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Author: Ruth Finnegan
Publisher: Garn Press
Publication Date: 08/24/2015
Synopsis from Goodreads: An epic romance about the naive Irish girl Kate and her mysterious lover, whom she rejects in panic and then spends her life seeking. After the opening rejection, Kate recalls her Irish upbringing, her convent education, and her coolly-controlled professional success, before her tsunami-like realisation beside an African river of the emotions she had concealed from herself and that she passionately and consumingly loved the man she had rejected.
Searching for him she visits the kingdom of beasts, a London restaurant, an old people’s home, back to the misty Donegal Sea, the heavenly archives, Eden, and hell, where at agonising cost she saves her dying love. They walk together toward heaven, but at the gates he walks past leaving her behind in the dust. The gates close behind him. He in turn searches for her and at last finds her in the dust, but to his fury (and renewed hurt) he is not ecstatically recognised and thanked. And the gates are still shut.
On a secret back way to heaven guided by a little beetle, Kate repeatedly saves her still scornful love, but at the very last, despite Kate’s fatal inability with numbers and through an ultimate sacrifice, he saves her from the precipice and they reach heaven. Kate finally realises that although her quest for her love was not vain, in the end she had to find herself – the unexpected pearl.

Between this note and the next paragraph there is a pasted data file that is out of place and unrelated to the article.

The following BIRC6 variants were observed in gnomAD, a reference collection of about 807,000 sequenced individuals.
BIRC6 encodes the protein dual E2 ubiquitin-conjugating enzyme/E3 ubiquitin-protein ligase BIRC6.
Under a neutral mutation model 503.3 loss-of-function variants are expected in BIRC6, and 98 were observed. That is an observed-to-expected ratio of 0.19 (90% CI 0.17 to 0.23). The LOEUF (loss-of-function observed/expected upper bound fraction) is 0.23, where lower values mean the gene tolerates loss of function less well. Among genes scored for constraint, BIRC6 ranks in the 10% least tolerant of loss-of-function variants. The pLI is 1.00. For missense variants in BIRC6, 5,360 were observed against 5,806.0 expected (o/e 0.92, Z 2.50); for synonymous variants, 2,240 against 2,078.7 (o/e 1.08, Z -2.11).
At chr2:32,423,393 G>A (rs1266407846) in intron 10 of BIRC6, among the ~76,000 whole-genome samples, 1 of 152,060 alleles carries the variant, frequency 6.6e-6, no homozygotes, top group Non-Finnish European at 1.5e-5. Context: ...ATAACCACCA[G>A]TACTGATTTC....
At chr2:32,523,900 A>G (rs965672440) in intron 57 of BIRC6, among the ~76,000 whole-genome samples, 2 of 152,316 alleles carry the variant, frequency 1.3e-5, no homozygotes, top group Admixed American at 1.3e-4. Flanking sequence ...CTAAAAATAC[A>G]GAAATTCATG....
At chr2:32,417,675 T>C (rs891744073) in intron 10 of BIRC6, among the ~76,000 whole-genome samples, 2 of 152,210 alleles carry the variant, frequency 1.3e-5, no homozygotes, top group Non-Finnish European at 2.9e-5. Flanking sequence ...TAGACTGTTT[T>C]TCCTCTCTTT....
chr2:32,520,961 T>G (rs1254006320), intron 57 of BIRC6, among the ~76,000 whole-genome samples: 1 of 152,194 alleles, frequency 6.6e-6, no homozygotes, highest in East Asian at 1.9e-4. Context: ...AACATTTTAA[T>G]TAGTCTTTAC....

The novel, born in dreams, is interlaced with the ambiguity between this world and another, and increasingly becomes more poetic, riddling and dreamlike as the story unfolds. The epilogue alludes to the key themes of the novel – the eternity of love and the ambiguity between dream and reality.
When I received Black Inked Pearl from Ruth Finnegan, I was told to please try to look past the speech-like writing. The problem is, the writing isn’t speech-like. It’s nothing like I’ve ever seen and I couldn’t even read it. I honestly am not sure how anyone could possibly read this book.
I couldn’t get past the way it was written. It was stilted, sentences broken in places, nearly impossible to read or make sense of. There were parts that weren’t punctuated correctly. I couldn’t read it—my brain couldn’t comprehend what I was reading.
I’ve seen reports that it is “dreamlike” but that doesn’t sit well with me. Dreamlike would still be readable. It would still be punctuated correctly. It would still be readable and comprehensible. Black Inked Pearl was none of these. I don’t see dreamlike at all.
Perhaps it is my overly analytical mind. Perhaps it is my inner grammar/spelling/punctuation fiend coming out. But I simply could not read this book and ever hope to understand what was going on. I can’t even give it one star because I couldn’t get far enough into the book to even know what it is about.
I received a copy of this book free from the author via BoStick Communications in exchange for my honest review. All opinions expressed are 100% my own.